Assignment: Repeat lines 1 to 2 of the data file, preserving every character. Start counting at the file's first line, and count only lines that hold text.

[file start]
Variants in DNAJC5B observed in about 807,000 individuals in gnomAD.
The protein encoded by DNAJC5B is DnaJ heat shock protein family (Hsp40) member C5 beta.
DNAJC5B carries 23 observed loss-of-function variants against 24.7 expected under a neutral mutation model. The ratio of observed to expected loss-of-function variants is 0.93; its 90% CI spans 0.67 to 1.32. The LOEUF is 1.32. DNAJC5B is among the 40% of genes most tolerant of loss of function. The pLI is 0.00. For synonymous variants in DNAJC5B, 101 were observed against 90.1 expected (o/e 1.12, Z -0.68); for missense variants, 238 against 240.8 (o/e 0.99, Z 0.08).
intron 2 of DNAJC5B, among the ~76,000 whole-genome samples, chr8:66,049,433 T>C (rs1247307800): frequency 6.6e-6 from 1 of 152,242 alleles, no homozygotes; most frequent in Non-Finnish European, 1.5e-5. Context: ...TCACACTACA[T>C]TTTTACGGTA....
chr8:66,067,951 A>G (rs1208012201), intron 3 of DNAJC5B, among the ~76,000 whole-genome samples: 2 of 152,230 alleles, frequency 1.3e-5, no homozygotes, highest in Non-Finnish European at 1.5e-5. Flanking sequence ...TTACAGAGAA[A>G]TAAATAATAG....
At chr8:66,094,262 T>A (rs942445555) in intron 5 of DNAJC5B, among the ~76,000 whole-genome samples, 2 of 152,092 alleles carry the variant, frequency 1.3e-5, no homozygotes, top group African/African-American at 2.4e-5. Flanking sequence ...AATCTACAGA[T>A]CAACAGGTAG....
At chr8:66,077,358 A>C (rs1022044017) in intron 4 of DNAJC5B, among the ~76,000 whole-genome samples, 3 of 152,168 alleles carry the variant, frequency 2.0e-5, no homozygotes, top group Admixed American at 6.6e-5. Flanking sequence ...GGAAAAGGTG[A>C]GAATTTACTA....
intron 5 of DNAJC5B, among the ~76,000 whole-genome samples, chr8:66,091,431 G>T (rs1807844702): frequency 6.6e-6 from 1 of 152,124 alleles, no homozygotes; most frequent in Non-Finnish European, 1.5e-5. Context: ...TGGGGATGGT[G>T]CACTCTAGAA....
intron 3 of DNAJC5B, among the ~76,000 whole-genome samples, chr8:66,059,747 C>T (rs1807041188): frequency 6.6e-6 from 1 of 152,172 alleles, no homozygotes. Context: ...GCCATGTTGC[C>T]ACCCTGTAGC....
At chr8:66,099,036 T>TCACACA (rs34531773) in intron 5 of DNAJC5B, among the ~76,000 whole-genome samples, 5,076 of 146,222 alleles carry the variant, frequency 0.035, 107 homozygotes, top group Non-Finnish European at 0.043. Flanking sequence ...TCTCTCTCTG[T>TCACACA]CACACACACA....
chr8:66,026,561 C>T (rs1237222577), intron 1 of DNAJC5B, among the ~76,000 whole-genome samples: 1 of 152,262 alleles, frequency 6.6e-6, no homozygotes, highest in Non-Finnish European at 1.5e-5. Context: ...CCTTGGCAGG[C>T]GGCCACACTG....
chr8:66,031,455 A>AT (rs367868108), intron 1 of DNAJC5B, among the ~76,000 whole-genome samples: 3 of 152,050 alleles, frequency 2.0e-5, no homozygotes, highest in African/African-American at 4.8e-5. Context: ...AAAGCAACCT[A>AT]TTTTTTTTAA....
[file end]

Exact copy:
Variants in DNAJC5B observed in about 807,000 individuals in gnomAD.
The protein encoded by DNAJC5B is DnaJ heat shock protein family (Hsp40) member C5 beta.